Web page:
GameCareerGuide Feature: Minimal Risk Designs
In a new GameCareerGuide feature, 'Minimal Risk Designs', Funcom designer Brent Ellison suggests some sure-fire design concepts
for indie & student developers that make finishing a game in time and with limited resources a reality.
Says Ellison, "It happens all the time near the end of the independent and student game development cycle: your original design gets cut down to its basic premise due to a lack of time or coding resources necessary to embellish on it. Or you get all your designs in the game but lack the opportunity to test and tune them for balance, so all those complex systems you implemented are either ignored or unexplained, and either way, serve only to frustrate the player
Ellison suggests taking a step back and looking at the projects goal's critically, and then once those are decided working from tried and true design concepts. These are not meant to limit creativity, but rather, help shape and guide the creative process.
Here are a couple of Ellison's examples:
"No Middle or End Required: An advantage of an arcade-style game is that they easily do away with expectations of a traditional narrative structure. Any time you try to tell a story with a beginning, middle, and end (especially an explicit one with text and/or voice acting), there's a good chance that one of those sections is going to get cut, or implemented only weakly. For minimal risk, you should focus resources on highlighting your game mechanics instead of the narrative. The "premise" should be fun enough to be the whole."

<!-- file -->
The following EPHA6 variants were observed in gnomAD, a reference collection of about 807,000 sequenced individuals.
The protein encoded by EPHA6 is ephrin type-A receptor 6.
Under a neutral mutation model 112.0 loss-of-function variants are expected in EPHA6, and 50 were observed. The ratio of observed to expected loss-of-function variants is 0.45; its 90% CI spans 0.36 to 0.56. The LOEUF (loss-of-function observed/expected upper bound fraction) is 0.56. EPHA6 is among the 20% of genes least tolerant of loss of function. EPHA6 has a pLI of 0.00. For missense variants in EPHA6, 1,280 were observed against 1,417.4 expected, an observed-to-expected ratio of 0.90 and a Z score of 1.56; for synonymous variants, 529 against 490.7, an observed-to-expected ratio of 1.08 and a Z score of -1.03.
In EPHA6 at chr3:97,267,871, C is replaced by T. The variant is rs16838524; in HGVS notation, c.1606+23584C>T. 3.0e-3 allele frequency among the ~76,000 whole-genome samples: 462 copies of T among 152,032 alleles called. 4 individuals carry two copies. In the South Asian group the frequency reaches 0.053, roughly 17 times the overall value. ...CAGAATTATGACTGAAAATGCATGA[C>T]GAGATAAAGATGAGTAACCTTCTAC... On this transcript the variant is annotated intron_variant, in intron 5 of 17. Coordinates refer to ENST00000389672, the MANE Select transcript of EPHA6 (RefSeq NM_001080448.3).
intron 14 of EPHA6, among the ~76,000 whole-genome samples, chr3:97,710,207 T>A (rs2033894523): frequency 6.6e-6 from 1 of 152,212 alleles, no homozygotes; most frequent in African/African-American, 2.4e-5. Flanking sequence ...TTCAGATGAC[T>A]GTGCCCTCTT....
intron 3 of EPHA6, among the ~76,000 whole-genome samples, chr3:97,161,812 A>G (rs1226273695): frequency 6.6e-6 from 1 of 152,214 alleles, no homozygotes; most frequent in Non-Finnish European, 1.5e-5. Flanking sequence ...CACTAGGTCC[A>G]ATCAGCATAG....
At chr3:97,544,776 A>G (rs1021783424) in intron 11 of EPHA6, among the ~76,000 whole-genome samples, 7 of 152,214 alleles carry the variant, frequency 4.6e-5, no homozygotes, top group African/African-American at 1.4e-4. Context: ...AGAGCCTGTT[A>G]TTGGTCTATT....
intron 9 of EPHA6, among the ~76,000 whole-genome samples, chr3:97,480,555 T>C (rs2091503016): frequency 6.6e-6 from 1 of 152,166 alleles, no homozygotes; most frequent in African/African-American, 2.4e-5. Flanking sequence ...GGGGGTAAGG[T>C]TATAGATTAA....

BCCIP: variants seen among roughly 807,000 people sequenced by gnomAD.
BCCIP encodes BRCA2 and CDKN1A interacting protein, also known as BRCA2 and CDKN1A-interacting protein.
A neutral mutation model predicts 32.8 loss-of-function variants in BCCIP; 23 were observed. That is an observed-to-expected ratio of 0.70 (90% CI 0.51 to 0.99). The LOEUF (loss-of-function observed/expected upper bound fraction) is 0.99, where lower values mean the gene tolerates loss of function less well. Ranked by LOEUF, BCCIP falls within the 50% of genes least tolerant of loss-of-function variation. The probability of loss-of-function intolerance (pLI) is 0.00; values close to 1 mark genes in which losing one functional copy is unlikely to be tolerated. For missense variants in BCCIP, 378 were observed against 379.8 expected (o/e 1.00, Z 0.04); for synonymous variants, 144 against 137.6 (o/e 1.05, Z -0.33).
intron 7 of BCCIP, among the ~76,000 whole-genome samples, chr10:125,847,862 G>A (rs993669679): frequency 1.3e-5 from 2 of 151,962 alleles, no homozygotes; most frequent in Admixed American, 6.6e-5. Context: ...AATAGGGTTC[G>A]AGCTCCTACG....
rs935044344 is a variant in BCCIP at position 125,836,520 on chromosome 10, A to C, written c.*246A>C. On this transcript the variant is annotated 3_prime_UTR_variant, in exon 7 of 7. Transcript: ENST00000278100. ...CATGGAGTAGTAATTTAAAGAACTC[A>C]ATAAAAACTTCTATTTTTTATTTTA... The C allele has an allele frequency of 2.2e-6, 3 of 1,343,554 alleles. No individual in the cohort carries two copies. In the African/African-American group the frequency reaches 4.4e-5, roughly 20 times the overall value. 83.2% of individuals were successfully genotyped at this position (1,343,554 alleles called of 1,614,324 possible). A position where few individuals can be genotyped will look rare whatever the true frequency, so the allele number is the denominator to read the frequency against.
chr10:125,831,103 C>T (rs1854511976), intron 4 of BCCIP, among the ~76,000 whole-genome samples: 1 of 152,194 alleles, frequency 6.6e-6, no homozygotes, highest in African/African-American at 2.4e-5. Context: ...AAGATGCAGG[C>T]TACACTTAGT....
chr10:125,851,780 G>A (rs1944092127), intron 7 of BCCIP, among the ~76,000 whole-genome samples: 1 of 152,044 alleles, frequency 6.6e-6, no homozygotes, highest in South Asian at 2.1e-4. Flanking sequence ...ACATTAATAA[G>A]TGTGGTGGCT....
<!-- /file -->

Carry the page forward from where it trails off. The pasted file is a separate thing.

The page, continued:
"Player Creativity: Any mechanic where players feel like they're actually creating something usually has instant appeal, even when it's something as simple as Line Rider. Giving players tools to play with rather than just a couple of levels to blow through also automatically increases depth and extends the life of the game as players create gameplay for themselves."
The full feature, 'Minimal Risk Designs: How to Design a Game When You Don't Have the Time'
, is now available on Gamasutra's education-focused sister site, GameCareerGuide.